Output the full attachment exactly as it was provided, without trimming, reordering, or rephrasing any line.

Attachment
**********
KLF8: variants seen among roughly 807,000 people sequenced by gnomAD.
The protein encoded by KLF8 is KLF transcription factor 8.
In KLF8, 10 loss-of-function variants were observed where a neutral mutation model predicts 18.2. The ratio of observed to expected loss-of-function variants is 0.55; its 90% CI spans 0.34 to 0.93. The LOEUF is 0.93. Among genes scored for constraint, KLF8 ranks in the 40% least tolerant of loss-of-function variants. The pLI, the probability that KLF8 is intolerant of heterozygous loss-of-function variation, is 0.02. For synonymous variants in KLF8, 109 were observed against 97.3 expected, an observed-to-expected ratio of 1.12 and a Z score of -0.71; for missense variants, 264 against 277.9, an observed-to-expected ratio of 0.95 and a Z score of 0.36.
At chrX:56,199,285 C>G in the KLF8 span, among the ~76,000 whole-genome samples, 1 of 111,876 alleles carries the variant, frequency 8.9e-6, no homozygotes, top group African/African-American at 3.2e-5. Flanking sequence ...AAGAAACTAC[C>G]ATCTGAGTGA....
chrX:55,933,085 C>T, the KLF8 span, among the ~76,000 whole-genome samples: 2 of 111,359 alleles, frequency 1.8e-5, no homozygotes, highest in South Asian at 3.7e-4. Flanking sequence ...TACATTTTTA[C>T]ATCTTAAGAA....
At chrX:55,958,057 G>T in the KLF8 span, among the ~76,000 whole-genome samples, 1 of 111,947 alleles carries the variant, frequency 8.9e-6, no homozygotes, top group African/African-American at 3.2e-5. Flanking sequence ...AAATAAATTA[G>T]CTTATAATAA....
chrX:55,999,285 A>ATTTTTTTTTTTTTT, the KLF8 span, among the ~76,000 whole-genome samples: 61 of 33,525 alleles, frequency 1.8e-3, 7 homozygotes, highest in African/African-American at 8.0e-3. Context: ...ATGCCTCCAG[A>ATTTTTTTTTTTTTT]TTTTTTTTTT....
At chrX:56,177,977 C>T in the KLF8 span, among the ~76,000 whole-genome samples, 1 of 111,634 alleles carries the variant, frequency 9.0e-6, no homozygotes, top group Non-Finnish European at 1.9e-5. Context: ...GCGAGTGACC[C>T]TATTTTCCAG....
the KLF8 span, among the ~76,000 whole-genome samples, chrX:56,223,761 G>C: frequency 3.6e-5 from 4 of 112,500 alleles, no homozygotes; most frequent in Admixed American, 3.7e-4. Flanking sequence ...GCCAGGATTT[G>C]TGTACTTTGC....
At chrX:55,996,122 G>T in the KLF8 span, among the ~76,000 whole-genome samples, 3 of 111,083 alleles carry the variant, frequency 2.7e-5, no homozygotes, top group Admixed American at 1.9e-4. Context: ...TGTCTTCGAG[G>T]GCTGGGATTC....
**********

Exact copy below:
KLF8: variants seen among roughly 807,000 people sequenced by gnomAD.
The protein encoded by KLF8 is KLF transcription factor 8.
In KLF8, 10 loss-of-function variants were observed where a neutral mutation model predicts 18.2. The ratio of observed to expected loss-of-function variants is 0.55; its 90% CI spans 0.34 to 0.93. The LOEUF is 0.93. Among genes scored for constraint, KLF8 ranks in the 40% least tolerant of loss-of-function variants. The pLI, the probability that KLF8 is intolerant of heterozygous loss-of-function variation, is 0.02. For synonymous variants in KLF8, 109 were observed against 97.3 expected, an observed-to-expected ratio of 1.12 and a Z score of -0.71; for missense variants, 264 against 277.9, an observed-to-expected ratio of 0.95 and a Z score of 0.36.
At chrX:56,199,285 C>G in the KLF8 span, among the ~76,000 whole-genome samples, 1 of 111,876 alleles carries the variant, frequency 8.9e-6, no homozygotes, top group African/African-American at 3.2e-5. Flanking sequence ...AAGAAACTAC[C>G]ATCTGAGTGA....
chrX:55,933,085 C>T, the KLF8 span, among the ~76,000 whole-genome samples: 2 of 111,359 alleles, frequency 1.8e-5, no homozygotes, highest in South Asian at 3.7e-4. Flanking sequence ...TACATTTTTA[C>T]ATCTTAAGAA....
At chrX:55,958,057 G>T in the KLF8 span, among the ~76,000 whole-genome samples, 1 of 111,947 alleles carries the variant, frequency 8.9e-6, no homozygotes, top group African/African-American at 3.2e-5. Flanking sequence ...AAATAAATTA[G>T]CTTATAATAA....
chrX:55,999,285 A>ATTTTTTTTTTTTTT, the KLF8 span, among the ~76,000 whole-genome samples: 61 of 33,525 alleles, frequency 1.8e-3, 7 homozygotes, highest in African/African-American at 8.0e-3. Context: ...ATGCCTCCAG[A>ATTTTTTTTTTTTTT]TTTTTTTTTT....
At chrX:56,177,977 C>T in the KLF8 span, among the ~76,000 whole-genome samples, 1 of 111,634 alleles carries the variant, frequency 9.0e-6, no homozygotes, top group Non-Finnish European at 1.9e-5. Context: ...GCGAGTGACC[C>T]TATTTTCCAG....
the KLF8 span, among the ~76,000 whole-genome samples, chrX:56,223,761 G>C: frequency 3.6e-5 from 4 of 112,500 alleles, no homozygotes; most frequent in Admixed American, 3.7e-4. Flanking sequence ...GCCAGGATTT[G>C]TGTACTTTGC....
At chrX:55,996,122 G>T in the KLF8 span, among the ~76,000 whole-genome samples, 3 of 111,083 alleles carry the variant, frequency 2.7e-5, no homozygotes, top group Admixed American at 1.9e-4. Context: ...TGTCTTCGAG[G>T]GCTGGGATTC....